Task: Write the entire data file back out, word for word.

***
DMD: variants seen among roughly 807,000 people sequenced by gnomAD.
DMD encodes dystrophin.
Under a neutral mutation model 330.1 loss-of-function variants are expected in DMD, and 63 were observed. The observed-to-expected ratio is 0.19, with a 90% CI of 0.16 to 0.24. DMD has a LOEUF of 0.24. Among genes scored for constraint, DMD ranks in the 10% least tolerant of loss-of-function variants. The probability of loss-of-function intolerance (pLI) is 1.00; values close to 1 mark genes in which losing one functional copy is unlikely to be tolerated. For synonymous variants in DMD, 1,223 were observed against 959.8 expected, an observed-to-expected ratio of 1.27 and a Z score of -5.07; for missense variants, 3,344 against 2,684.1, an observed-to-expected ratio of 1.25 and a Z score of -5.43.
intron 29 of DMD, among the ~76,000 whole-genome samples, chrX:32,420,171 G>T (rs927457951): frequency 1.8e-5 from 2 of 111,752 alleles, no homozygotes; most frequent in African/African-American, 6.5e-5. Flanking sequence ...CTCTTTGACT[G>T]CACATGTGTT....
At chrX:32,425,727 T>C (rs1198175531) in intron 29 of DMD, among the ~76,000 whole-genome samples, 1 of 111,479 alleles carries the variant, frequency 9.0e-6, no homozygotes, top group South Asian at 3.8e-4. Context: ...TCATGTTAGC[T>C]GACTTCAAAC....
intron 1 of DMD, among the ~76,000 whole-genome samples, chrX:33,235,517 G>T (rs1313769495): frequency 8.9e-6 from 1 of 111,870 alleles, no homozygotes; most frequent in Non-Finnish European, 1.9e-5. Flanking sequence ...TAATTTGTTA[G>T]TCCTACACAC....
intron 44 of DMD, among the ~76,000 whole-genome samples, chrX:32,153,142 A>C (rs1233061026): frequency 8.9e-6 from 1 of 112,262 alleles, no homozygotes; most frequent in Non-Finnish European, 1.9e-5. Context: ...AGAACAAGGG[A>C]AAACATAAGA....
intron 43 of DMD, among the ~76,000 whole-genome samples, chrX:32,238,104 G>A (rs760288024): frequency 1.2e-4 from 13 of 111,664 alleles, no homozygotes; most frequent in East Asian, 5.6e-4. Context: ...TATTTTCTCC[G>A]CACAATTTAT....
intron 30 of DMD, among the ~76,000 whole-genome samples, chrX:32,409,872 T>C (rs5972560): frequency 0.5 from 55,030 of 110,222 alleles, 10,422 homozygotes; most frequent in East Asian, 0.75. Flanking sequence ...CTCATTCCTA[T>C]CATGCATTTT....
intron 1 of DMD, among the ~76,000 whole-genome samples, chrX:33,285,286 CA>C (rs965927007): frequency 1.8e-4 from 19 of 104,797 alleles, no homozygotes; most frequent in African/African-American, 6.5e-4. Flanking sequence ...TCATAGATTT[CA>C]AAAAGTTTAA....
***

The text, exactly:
DMD: variants seen among roughly 807,000 people sequenced by gnomAD.
DMD encodes dystrophin.
Under a neutral mutation model 330.1 loss-of-function variants are expected in DMD, and 63 were observed. The observed-to-expected ratio is 0.19, with a 90% CI of 0.16 to 0.24. DMD has a LOEUF of 0.24. Among genes scored for constraint, DMD ranks in the 10% least tolerant of loss-of-function variants. The probability of loss-of-function intolerance (pLI) is 1.00; values close to 1 mark genes in which losing one functional copy is unlikely to be tolerated. For synonymous variants in DMD, 1,223 were observed against 959.8 expected, an observed-to-expected ratio of 1.27 and a Z score of -5.07; for missense variants, 3,344 against 2,684.1, an observed-to-expected ratio of 1.25 and a Z score of -5.43.
intron 29 of DMD, among the ~76,000 whole-genome samples, chrX:32,420,171 G>T (rs927457951): frequency 1.8e-5 from 2 of 111,752 alleles, no homozygotes; most frequent in African/African-American, 6.5e-5. Flanking sequence ...CTCTTTGACT[G>T]CACATGTGTT....
At chrX:32,425,727 T>C (rs1198175531) in intron 29 of DMD, among the ~76,000 whole-genome samples, 1 of 111,479 alleles carries the variant, frequency 9.0e-6, no homozygotes, top group South Asian at 3.8e-4. Context: ...TCATGTTAGC[T>C]GACTTCAAAC....
intron 1 of DMD, among the ~76,000 whole-genome samples, chrX:33,235,517 G>T (rs1313769495): frequency 8.9e-6 from 1 of 111,870 alleles, no homozygotes; most frequent in Non-Finnish European, 1.9e-5. Flanking sequence ...TAATTTGTTA[G>T]TCCTACACAC....
intron 44 of DMD, among the ~76,000 whole-genome samples, chrX:32,153,142 A>C (rs1233061026): frequency 8.9e-6 from 1 of 112,262 alleles, no homozygotes; most frequent in Non-Finnish European, 1.9e-5. Context: ...AGAACAAGGG[A>C]AAACATAAGA....
intron 43 of DMD, among the ~76,000 whole-genome samples, chrX:32,238,104 G>A (rs760288024): frequency 1.2e-4 from 13 of 111,664 alleles, no homozygotes; most frequent in East Asian, 5.6e-4. Context: ...TATTTTCTCC[G>A]CACAATTTAT....
intron 30 of DMD, among the ~76,000 whole-genome samples, chrX:32,409,872 T>C (rs5972560): frequency 0.5 from 55,030 of 110,222 alleles, 10,422 homozygotes; most frequent in East Asian, 0.75. Flanking sequence ...CTCATTCCTA[T>C]CATGCATTTT....
intron 1 of DMD, among the ~76,000 whole-genome samples, chrX:33,285,286 CA>C (rs965927007): frequency 1.8e-4 from 19 of 104,797 alleles, no homozygotes; most frequent in African/African-American, 6.5e-4. Flanking sequence ...TCATAGATTT[CA>C]AAAAGTTTAA....